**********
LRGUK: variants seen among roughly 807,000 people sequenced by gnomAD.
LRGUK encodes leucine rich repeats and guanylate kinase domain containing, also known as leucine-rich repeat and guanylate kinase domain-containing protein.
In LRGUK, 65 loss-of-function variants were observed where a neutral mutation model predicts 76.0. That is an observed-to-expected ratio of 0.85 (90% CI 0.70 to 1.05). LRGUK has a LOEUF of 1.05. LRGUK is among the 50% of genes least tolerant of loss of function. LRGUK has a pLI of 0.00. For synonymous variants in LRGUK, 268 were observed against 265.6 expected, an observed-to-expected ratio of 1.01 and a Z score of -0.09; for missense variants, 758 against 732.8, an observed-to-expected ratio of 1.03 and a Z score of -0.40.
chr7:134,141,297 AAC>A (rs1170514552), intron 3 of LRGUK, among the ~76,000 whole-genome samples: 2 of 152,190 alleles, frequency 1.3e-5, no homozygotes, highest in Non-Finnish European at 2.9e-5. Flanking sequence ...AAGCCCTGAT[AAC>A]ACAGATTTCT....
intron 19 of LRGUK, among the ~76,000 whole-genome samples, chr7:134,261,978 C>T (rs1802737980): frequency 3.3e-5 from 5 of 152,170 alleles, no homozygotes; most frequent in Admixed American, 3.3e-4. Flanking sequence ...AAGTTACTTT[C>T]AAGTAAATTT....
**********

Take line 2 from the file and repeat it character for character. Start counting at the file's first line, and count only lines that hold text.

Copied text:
LRGUK encodes leucine rich repeats and guanylate kinase domain containing, also known as leucine-rich repeat and guanylate kinase domain-containing protein.